First Nations Emerging Critic Carissa Lee sees Ballet Preljocaj’s gloriously gothic retelling of Snow White
Ballet Preljocaj’s production of Snow White is a retelling of the original Brother’s Grimm’s version of the fairytale, so naturally it’s gloriously gothic. I saw children in the audience and was a little worried about how graphic this production was going to be (there is certainly some imagery that will need to be explained to them later!) Featuring costume designs from Jean Paul Gaultier, which range from from ethereal to metal, it was unlike anything I’d ever seen before.
It begins with a solo dance, Mother (played by Agnes Girard): a crumbling image of a pregnant woman that emerges from a smoky haze, raging against a battle in her body. A black crown and veil, accompanied by a tattered, netted black dress, renders her faceless. Her legs, an occasional flash of luminous white, is the only flesh we see.
We think her struggle is in giving birth, but when she finally holds her baby and falls still, we realise that she was grappling with death. Solemn courtiers adorned in black carry her motionless figure away while the King (Sergi Amoros Aparicio) takes the baby away. He disappears behind a pillar for a moment and emerges with a young girl (Charlize Duck) and then disappears again to re-emerge with his grown daughter Snow White (Mirea Delogu) for a joyous father-daughter duet.
This is followed by a court scene, the ensemble coming together with boisterous, uninhibited abandon as the King and Snow White watch side by side. The synchronicity is loose, creating a happy spectacle (and the harnesses the women wore in this scene were to die for). A Prince (Redi Shtylla) comes forward to present Snow White with a red scarf, which she treasures. In contrast to the rest of the dancers, Snow White’s movements are smooth, gentle and light: a beautiful signature throughout the show.
The Queen’s entrances (Anna Tatorova), preceded by her Cat Gargoyles (Margaux Coucharriere and Manuela Spera), are heralded with thunder and lightning. They are the best things ever: by golly, she is fabulous. She strides on stage (in heels in which I could never walk, let alone dance), entices the king, terrorises the court, and exits. Next is the mirror scene, with her lithe cats, where the Queen is assured that she’s the fairest in the land.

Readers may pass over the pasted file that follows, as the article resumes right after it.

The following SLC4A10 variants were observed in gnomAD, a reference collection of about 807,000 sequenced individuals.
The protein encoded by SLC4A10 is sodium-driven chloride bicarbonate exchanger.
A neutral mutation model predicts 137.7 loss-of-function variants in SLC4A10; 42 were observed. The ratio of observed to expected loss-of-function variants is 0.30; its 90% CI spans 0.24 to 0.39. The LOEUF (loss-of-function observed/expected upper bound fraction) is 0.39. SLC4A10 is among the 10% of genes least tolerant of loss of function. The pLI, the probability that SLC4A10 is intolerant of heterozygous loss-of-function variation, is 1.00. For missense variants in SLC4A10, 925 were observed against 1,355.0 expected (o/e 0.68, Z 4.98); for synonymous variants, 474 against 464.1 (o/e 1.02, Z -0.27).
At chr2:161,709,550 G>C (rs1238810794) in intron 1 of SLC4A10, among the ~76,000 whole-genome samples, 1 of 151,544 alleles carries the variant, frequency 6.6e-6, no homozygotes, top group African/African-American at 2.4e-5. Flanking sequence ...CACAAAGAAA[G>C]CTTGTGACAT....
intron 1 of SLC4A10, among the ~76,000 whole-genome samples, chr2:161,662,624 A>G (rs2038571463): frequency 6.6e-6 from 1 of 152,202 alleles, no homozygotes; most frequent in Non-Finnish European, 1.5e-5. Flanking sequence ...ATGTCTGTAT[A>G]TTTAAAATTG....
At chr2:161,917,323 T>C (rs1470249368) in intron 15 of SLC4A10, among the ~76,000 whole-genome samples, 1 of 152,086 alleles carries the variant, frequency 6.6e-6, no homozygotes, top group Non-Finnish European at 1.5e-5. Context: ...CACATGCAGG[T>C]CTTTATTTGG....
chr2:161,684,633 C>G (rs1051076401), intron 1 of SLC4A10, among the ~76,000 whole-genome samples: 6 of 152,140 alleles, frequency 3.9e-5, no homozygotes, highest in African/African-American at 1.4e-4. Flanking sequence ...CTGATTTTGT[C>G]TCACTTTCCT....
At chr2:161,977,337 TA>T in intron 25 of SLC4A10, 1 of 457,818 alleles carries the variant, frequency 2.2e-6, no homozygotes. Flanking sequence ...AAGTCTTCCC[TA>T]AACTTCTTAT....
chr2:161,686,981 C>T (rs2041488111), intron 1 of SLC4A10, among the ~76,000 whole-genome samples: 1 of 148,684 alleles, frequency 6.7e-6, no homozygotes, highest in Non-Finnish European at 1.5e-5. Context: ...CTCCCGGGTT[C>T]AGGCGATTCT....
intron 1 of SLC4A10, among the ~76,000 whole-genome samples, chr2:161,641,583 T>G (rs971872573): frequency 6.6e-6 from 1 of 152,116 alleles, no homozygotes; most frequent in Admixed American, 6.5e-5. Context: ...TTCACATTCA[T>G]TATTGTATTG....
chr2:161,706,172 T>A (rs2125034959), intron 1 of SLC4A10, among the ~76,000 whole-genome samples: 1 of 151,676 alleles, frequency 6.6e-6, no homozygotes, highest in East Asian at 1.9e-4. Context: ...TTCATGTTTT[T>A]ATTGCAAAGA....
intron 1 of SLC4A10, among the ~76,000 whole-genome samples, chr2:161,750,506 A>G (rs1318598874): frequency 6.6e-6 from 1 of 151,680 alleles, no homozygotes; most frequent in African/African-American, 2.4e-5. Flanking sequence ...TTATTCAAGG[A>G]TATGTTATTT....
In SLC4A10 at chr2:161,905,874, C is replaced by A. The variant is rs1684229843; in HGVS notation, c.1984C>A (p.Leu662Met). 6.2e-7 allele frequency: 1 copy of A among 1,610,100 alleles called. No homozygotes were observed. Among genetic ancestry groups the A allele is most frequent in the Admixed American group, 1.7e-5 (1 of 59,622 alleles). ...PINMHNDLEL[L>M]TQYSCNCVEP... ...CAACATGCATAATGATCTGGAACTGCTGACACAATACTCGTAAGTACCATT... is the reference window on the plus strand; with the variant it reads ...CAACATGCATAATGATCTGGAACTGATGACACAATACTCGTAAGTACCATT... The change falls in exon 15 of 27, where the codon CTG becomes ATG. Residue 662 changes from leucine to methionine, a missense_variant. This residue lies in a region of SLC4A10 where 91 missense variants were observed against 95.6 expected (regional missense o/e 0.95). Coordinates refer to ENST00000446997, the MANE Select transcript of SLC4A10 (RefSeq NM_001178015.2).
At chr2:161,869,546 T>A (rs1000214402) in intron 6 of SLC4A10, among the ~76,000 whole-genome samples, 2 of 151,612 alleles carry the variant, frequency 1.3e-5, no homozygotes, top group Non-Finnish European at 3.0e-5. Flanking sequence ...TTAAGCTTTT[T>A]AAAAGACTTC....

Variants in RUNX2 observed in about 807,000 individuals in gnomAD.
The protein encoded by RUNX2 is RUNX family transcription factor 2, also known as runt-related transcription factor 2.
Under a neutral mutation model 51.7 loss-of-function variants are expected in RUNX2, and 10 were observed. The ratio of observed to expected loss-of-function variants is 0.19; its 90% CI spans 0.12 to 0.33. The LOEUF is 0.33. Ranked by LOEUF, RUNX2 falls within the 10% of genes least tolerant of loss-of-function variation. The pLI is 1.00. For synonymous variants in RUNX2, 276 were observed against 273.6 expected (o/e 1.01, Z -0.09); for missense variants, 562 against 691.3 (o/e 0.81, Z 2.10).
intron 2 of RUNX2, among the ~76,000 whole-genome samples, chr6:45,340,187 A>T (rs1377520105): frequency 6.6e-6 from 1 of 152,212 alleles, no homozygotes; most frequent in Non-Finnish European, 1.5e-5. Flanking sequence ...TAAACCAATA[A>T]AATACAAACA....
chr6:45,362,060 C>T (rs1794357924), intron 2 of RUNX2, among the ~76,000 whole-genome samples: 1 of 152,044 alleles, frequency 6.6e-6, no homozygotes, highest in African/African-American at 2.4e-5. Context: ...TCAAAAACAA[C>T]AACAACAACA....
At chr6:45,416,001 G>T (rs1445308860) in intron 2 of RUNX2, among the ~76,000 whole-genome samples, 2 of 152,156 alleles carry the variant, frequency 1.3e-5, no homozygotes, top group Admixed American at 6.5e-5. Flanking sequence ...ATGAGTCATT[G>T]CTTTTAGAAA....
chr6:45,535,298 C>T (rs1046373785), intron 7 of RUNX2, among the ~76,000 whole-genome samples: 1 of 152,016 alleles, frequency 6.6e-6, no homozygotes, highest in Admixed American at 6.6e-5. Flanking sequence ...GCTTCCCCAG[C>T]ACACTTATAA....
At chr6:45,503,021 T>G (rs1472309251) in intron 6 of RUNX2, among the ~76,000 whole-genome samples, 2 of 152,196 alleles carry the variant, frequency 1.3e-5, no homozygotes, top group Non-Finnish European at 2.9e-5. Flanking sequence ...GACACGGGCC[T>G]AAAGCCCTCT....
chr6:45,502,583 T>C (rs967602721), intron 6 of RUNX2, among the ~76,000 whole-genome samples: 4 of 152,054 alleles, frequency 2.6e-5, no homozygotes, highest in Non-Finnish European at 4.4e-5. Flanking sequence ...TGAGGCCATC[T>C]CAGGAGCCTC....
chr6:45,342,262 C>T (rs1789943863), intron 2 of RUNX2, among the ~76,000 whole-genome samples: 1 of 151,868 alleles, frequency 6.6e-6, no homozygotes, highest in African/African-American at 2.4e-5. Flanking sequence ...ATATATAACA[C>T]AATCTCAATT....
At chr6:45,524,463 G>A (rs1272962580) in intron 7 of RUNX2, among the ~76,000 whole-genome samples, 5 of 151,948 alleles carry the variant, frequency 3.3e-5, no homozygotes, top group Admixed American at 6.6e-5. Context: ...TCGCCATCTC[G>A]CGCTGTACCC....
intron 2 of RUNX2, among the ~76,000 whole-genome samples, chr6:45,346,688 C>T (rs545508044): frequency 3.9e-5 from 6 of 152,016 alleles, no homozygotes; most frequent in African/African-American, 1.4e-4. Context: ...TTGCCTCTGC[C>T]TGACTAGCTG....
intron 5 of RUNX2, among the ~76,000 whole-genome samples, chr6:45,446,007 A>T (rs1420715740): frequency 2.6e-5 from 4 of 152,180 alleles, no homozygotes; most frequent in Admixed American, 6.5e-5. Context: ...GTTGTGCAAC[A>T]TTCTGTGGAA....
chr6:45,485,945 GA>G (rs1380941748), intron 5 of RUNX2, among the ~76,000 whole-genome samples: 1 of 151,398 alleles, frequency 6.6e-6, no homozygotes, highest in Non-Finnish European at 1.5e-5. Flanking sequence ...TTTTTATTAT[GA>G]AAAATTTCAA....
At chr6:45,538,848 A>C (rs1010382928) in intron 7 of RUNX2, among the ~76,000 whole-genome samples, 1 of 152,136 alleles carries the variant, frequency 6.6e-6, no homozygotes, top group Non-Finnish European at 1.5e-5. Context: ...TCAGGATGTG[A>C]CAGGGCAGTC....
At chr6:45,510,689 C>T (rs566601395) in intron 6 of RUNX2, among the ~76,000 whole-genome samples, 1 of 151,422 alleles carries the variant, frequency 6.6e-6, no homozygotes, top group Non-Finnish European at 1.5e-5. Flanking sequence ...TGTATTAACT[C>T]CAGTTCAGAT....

Meanwhile the Prince and Snow White are getting together. I love the dynamic between Snow White and the Prince: although she treasures the red scarf he gave her, she’s not just handing herself over. She playfully kicks at him when he gets too close, maintaining a sassiness that keeps him at a distance until she’s ready to permit sensual closeness.
Back at the mirror, the queen sees that Snow White is now the fairest, and she’s not happy about it. There is a short duet between the Queen and the reflection of Snow White which I really wanted to be longer: using the same choreography, the Queen’s womanly, authoritative gestures contrast with Snow White’s delicate movements, demonstrating the Queen’s jealousy of Snow White’s youthfulness. The Queen sends her hunstmen to kill Snow White and bring back her heart.
Preljocaj’s take on the Queen’s motivation is a bit dodgy here: “The mother wants to kill her daughter because she takes all her power of seduction. We are living in the age of the Snow White complex.” This is hardly revolutionary: men have always put women in competition with each other. What would be interesting would be if Preljocaj explored why, but he doesn’t. To say that this trope is a truism about the nature of women is a bit audacious.
The rest of the fairytale unfolds as we know it. The three huntsmen, of course, find Snow White, but show her mercy, instead killing a wild pig in the form of a bare-breasted woman with a heart strapped to her chest. This dancer moves in staccato jerks, stepping in strict time to the beat, as the men shoot her down and cut the heart from her chest. When the Queen finds Snow White, in disguise as an old, beggarly woman, she rams the poisoned apple into her mouth and drags her along the stage in a brutal show of dominance that ends with her straddled on top of Snow White until she is moves no longer.